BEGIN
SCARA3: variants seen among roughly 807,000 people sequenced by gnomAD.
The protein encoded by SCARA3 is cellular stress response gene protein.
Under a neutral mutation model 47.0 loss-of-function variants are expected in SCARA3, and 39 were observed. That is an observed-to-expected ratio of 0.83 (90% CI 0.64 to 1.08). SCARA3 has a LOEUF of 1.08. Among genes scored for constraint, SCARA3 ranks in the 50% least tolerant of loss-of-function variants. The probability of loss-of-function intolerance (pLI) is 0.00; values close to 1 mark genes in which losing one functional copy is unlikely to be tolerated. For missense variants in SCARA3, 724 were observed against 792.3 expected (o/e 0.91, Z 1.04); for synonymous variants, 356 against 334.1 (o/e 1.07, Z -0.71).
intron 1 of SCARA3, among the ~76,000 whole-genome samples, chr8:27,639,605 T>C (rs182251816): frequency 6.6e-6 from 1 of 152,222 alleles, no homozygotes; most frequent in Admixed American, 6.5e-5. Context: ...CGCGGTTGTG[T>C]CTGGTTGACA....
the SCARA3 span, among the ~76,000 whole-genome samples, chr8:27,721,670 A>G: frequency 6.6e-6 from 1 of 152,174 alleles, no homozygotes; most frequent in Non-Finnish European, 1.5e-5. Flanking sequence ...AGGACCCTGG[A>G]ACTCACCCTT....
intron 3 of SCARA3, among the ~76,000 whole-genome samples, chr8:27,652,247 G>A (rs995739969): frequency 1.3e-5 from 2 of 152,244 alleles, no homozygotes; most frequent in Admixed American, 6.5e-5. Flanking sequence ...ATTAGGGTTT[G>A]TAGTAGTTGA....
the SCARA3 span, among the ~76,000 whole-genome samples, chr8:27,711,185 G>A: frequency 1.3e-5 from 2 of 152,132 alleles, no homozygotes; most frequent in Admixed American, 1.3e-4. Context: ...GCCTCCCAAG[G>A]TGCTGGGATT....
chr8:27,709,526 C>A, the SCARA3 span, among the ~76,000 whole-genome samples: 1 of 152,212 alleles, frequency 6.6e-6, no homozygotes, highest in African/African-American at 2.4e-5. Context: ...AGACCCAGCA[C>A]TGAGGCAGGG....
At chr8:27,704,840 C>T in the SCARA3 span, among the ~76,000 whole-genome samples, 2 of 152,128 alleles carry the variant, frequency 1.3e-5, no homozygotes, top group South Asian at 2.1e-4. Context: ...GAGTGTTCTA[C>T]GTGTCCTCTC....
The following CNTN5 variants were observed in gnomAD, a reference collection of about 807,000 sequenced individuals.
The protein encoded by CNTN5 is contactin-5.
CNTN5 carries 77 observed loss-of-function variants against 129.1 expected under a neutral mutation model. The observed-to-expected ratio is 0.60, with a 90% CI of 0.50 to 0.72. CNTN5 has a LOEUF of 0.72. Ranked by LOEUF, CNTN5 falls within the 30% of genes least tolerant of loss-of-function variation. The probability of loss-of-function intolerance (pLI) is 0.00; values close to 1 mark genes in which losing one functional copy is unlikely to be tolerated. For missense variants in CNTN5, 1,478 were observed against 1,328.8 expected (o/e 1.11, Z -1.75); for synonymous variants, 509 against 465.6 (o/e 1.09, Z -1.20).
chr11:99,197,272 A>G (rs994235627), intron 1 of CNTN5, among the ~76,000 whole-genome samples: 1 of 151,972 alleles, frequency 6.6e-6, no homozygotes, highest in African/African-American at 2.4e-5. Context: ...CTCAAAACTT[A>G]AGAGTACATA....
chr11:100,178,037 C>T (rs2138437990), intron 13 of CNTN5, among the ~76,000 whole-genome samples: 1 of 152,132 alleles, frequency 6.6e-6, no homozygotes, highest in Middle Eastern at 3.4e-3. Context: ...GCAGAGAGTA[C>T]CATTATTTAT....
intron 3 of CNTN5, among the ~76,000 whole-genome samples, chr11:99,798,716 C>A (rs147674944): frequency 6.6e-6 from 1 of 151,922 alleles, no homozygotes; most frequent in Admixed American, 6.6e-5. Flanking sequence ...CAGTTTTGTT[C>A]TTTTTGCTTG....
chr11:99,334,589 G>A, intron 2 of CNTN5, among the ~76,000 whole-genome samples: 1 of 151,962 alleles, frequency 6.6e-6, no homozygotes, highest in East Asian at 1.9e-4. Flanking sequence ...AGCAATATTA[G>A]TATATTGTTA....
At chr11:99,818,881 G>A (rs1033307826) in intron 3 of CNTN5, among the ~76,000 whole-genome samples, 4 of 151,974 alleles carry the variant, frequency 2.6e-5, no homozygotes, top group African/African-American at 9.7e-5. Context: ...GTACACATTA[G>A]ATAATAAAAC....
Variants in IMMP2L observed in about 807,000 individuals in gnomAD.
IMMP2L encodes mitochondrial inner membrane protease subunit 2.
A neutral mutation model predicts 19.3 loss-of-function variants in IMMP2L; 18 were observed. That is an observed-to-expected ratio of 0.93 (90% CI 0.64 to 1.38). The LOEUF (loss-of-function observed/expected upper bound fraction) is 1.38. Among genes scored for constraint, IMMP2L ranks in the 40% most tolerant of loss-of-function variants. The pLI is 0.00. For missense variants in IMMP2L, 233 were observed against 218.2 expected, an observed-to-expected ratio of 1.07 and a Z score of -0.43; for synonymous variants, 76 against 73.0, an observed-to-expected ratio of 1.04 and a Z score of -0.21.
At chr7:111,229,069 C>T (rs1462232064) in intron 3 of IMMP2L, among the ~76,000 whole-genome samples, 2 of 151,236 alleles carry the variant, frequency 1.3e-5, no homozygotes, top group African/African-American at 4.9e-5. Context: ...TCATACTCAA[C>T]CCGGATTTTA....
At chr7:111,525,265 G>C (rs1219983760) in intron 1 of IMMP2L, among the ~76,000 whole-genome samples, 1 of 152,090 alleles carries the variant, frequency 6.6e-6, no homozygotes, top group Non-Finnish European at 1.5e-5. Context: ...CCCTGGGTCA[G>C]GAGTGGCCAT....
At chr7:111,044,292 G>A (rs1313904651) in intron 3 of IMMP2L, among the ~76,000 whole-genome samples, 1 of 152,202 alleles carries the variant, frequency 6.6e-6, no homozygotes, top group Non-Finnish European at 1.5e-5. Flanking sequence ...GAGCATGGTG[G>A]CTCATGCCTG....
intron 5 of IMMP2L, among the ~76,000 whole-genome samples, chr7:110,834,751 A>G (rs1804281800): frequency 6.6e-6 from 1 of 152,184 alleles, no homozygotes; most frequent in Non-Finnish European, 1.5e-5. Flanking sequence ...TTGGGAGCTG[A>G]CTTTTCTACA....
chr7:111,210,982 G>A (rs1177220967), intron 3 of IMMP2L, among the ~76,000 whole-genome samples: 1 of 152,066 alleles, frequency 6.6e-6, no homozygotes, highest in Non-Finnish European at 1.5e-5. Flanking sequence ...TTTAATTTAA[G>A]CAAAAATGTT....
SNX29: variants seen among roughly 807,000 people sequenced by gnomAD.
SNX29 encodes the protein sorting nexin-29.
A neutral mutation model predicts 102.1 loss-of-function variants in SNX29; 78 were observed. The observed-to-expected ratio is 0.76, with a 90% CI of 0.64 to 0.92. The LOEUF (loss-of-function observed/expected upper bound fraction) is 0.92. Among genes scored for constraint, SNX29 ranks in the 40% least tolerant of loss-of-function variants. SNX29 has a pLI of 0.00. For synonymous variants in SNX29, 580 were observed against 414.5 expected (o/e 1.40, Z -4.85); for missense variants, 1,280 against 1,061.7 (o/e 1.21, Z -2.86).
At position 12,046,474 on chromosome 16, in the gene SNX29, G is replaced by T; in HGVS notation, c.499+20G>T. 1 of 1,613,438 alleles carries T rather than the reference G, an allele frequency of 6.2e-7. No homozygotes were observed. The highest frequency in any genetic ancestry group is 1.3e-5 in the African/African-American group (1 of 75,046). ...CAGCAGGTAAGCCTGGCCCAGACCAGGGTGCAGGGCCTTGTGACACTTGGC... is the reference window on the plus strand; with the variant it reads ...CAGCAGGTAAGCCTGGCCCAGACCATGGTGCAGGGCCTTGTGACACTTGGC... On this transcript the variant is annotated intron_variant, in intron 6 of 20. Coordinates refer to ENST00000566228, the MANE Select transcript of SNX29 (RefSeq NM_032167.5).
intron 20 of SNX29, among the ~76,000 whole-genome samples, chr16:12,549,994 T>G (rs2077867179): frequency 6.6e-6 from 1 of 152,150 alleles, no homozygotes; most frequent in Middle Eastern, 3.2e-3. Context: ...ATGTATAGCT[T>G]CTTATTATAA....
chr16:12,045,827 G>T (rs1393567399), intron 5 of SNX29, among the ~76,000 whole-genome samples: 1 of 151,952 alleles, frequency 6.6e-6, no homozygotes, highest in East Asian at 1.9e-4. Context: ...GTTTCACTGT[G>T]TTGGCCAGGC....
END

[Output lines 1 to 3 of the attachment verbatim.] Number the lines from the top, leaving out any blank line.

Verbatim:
SCARA3: variants seen among roughly 807,000 people sequenced by gnomAD.
The protein encoded by SCARA3 is cellular stress response gene protein.
Under a neutral mutation model 47.0 loss-of-function variants are expected in SCARA3, and 39 were observed. That is an observed-to-expected ratio of 0.83 (90% CI 0.64 to 1.08). SCARA3 has a LOEUF of 1.08. Among genes scored for constraint, SCARA3 ranks in the 50% least tolerant of loss-of-function variants. The probability of loss-of-function intolerance (pLI) is 0.00; values close to 1 mark genes in which losing one functional copy is unlikely to be tolerated. For missense variants in SCARA3, 724 were observed against 792.3 expected (o/e 0.91, Z 1.04); for synonymous variants, 356 against 334.1 (o/e 1.07, Z -0.71).